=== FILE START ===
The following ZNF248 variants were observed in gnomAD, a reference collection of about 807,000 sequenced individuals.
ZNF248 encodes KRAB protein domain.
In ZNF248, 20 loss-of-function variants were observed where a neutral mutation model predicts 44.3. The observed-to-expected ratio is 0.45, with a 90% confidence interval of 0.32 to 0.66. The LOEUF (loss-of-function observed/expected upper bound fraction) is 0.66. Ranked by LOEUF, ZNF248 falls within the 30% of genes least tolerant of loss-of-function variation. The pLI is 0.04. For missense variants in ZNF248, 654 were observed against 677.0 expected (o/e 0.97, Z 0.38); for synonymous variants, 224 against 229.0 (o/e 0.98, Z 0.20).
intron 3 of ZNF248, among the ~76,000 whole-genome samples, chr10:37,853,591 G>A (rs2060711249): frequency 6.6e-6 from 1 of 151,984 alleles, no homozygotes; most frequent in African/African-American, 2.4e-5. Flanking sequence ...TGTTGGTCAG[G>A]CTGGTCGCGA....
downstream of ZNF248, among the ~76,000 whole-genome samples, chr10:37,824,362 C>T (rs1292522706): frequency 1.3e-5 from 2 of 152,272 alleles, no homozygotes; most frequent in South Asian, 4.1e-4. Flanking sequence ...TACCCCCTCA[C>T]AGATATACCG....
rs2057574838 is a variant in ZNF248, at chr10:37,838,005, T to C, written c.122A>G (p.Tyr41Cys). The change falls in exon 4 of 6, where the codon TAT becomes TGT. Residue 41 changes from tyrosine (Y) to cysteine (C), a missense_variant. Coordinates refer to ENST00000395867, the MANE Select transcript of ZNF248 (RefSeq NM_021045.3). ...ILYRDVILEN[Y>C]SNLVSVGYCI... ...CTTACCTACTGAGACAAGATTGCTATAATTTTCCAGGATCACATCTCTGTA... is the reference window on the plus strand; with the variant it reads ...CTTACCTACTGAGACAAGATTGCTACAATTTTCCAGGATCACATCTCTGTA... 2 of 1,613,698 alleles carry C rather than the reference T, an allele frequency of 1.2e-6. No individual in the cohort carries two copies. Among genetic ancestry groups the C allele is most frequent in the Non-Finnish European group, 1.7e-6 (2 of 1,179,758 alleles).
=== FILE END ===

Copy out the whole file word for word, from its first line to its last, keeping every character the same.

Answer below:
The following ZNF248 variants were observed in gnomAD, a reference collection of about 807,000 sequenced individuals.
ZNF248 encodes KRAB protein domain.
In ZNF248, 20 loss-of-function variants were observed where a neutral mutation model predicts 44.3. The observed-to-expected ratio is 0.45, with a 90% confidence interval of 0.32 to 0.66. The LOEUF (loss-of-function observed/expected upper bound fraction) is 0.66. Ranked by LOEUF, ZNF248 falls within the 30% of genes least tolerant of loss-of-function variation. The pLI is 0.04. For missense variants in ZNF248, 654 were observed against 677.0 expected (o/e 0.97, Z 0.38); for synonymous variants, 224 against 229.0 (o/e 0.98, Z 0.20).
intron 3 of ZNF248, among the ~76,000 whole-genome samples, chr10:37,853,591 G>A (rs2060711249): frequency 6.6e-6 from 1 of 151,984 alleles, no homozygotes; most frequent in African/African-American, 2.4e-5. Flanking sequence ...TGTTGGTCAG[G>A]CTGGTCGCGA....
downstream of ZNF248, among the ~76,000 whole-genome samples, chr10:37,824,362 C>T (rs1292522706): frequency 1.3e-5 from 2 of 152,272 alleles, no homozygotes; most frequent in South Asian, 4.1e-4. Flanking sequence ...TACCCCCTCA[C>T]AGATATACCG....
rs2057574838 is a variant in ZNF248, at chr10:37,838,005, T to C, written c.122A>G (p.Tyr41Cys). The change falls in exon 4 of 6, where the codon TAT becomes TGT. Residue 41 changes from tyrosine (Y) to cysteine (C), a missense_variant. Coordinates refer to ENST00000395867, the MANE Select transcript of ZNF248 (RefSeq NM_021045.3). ...ILYRDVILEN[Y>C]SNLVSVGYCI... ...CTTACCTACTGAGACAAGATTGCTATAATTTTCCAGGATCACATCTCTGTA... is the reference window on the plus strand; with the variant it reads ...CTTACCTACTGAGACAAGATTGCTACAATTTTCCAGGATCACATCTCTGTA... 2 of 1,613,698 alleles carry C rather than the reference T, an allele frequency of 1.2e-6. No individual in the cohort carries two copies. Among genetic ancestry groups the C allele is most frequent in the Non-Finnish European group, 1.7e-6 (2 of 1,179,758 alleles).